A simple example of hamburgers being made at home versus at a restaurant can help illuminate the explosion of prosperity since the Industrial Revolution. The story of the division of labor and development of specialized tools is not a new one — Adam Smith began The Wealth of Nations with this concept. Yet it still has tremendous explanatory power about the world we inhabit. What topic should we do next? http://bit.ly/1QWdvOn Ask a question about the video: http://bit.ly/1VTve7j Next video: http://bit.ly/24EdNO2 Help us caption & translate this video! http://amara.org/v/Elbq/
Introduction to Consumer Choice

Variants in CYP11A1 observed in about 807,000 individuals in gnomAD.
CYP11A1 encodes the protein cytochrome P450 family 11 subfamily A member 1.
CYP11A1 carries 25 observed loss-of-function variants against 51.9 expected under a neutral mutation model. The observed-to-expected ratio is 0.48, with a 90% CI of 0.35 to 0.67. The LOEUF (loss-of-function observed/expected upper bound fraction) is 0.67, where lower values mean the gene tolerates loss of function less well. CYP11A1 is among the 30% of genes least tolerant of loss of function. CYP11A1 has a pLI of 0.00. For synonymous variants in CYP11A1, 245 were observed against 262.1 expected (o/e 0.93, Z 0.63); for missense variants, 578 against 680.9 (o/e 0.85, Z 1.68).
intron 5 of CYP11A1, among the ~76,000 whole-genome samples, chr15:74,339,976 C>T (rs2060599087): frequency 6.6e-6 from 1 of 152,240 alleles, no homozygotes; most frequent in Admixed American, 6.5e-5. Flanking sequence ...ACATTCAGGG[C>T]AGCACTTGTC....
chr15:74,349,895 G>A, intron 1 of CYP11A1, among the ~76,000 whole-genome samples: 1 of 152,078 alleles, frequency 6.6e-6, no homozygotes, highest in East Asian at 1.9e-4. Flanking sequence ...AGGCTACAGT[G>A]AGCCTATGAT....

Everyday, you make tons of decisions about consumption. Your choices about what and how much of a good to buy are influenced by the laws of supply and demand. These choices are nearly endless. For example, at Starbucks, each drink is highly customizable. In fact, they offer over 80,000 combinations! When you buy a good or make a decision about how to use your time, you’re getting some sort of value, like a sense of happiness or satisfaction, out of it – economists call this “utility.” The increase in that value from buying an additional unit of a good or service is its marginal utility. When you make these decisions, you’re thinking at the margin, even if you don’t realize it. Think about how wonderful a shot of espresso, or your beverage of choice, is first thing in the morning. You probably derive quite a bit of utility! But how about a second, third, or even fourth shot of espresso? With each extra shot, you probably get a little less utility. At some point, the cost will outweigh the marginal utility. When you add up the satisfaction you get out of all of the shots of espresso, that is your total utility. Since each additional shot of espresso has a little less utility, economists refer to this concept as diminishing marginal utility. This is true for all goods and activities, but the amount of utility and marginal utility depends on the individual. For example, let’s say that Starbucks drops the price of shot of espresso. This can change the quantity demanded on aggregate because for some people, the drop in price will make the marginal utility they derive from an extra shot now worth the cost. But perhaps that’s not true for you and your consumption will not change. Are you starting to see how you instinctively think and act at the margin in your daily life? Up next, we’ll explore other factors beyond price that affect your habits as a consumer, such as preferences and income. Subscribe for new videos every Tuesday! http://bit.ly/1Rib5V8 Microeconomics Course: http://bit.ly/20VablY Ask a question about the video: http://bit.ly/2qr83Hg Next video: http://bit.ly/2qBZauA